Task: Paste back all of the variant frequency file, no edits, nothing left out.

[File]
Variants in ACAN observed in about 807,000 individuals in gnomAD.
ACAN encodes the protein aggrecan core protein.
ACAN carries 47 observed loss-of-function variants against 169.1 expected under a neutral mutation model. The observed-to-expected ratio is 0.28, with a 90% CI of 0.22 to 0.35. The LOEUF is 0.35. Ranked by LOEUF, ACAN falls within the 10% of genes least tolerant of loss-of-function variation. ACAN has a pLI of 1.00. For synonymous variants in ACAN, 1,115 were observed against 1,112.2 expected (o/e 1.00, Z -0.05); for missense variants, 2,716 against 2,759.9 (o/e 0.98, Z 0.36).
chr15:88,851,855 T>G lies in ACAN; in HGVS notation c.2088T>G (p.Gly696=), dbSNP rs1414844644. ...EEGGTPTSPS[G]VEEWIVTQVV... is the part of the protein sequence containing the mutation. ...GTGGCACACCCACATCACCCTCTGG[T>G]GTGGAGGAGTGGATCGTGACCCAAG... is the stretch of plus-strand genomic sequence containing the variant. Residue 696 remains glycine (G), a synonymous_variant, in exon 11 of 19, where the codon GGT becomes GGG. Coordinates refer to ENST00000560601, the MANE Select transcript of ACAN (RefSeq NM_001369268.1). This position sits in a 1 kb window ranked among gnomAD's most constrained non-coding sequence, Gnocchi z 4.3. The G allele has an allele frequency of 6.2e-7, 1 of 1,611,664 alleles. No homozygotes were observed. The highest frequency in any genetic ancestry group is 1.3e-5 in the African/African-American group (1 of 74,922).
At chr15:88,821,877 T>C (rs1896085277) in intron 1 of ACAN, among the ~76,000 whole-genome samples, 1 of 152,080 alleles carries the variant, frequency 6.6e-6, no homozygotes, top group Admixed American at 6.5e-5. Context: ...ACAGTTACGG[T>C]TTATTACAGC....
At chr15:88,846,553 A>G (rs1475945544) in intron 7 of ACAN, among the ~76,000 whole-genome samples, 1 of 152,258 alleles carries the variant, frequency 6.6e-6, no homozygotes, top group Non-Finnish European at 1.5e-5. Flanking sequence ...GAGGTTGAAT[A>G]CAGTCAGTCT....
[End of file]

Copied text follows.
Variants in ACAN observed in about 807,000 individuals in gnomAD.
ACAN encodes the protein aggrecan core protein.
ACAN carries 47 observed loss-of-function variants against 169.1 expected under a neutral mutation model. The observed-to-expected ratio is 0.28, with a 90% CI of 0.22 to 0.35. The LOEUF is 0.35. Ranked by LOEUF, ACAN falls within the 10% of genes least tolerant of loss-of-function variation. ACAN has a pLI of 1.00. For synonymous variants in ACAN, 1,115 were observed against 1,112.2 expected (o/e 1.00, Z -0.05); for missense variants, 2,716 against 2,759.9 (o/e 0.98, Z 0.36).
chr15:88,851,855 T>G lies in ACAN; in HGVS notation c.2088T>G (p.Gly696=), dbSNP rs1414844644. ...EEGGTPTSPS[G]VEEWIVTQVV... is the part of the protein sequence containing the mutation. ...GTGGCACACCCACATCACCCTCTGG[T>G]GTGGAGGAGTGGATCGTGACCCAAG... is the stretch of plus-strand genomic sequence containing the variant. Residue 696 remains glycine (G), a synonymous_variant, in exon 11 of 19, where the codon GGT becomes GGG. Coordinates refer to ENST00000560601, the MANE Select transcript of ACAN (RefSeq NM_001369268.1). This position sits in a 1 kb window ranked among gnomAD's most constrained non-coding sequence, Gnocchi z 4.3. The G allele has an allele frequency of 6.2e-7, 1 of 1,611,664 alleles. No homozygotes were observed. The highest frequency in any genetic ancestry group is 1.3e-5 in the African/African-American group (1 of 74,922).
At chr15:88,821,877 T>C (rs1896085277) in intron 1 of ACAN, among the ~76,000 whole-genome samples, 1 of 152,080 alleles carries the variant, frequency 6.6e-6, no homozygotes, top group Admixed American at 6.5e-5. Context: ...ACAGTTACGG[T>C]TTATTACAGC....
At chr15:88,846,553 A>G (rs1475945544) in intron 7 of ACAN, among the ~76,000 whole-genome samples, 1 of 152,258 alleles carries the variant, frequency 6.6e-6, no homozygotes, top group Non-Finnish European at 1.5e-5. Flanking sequence ...GAGGTTGAAT[A>G]CAGTCAGTCT....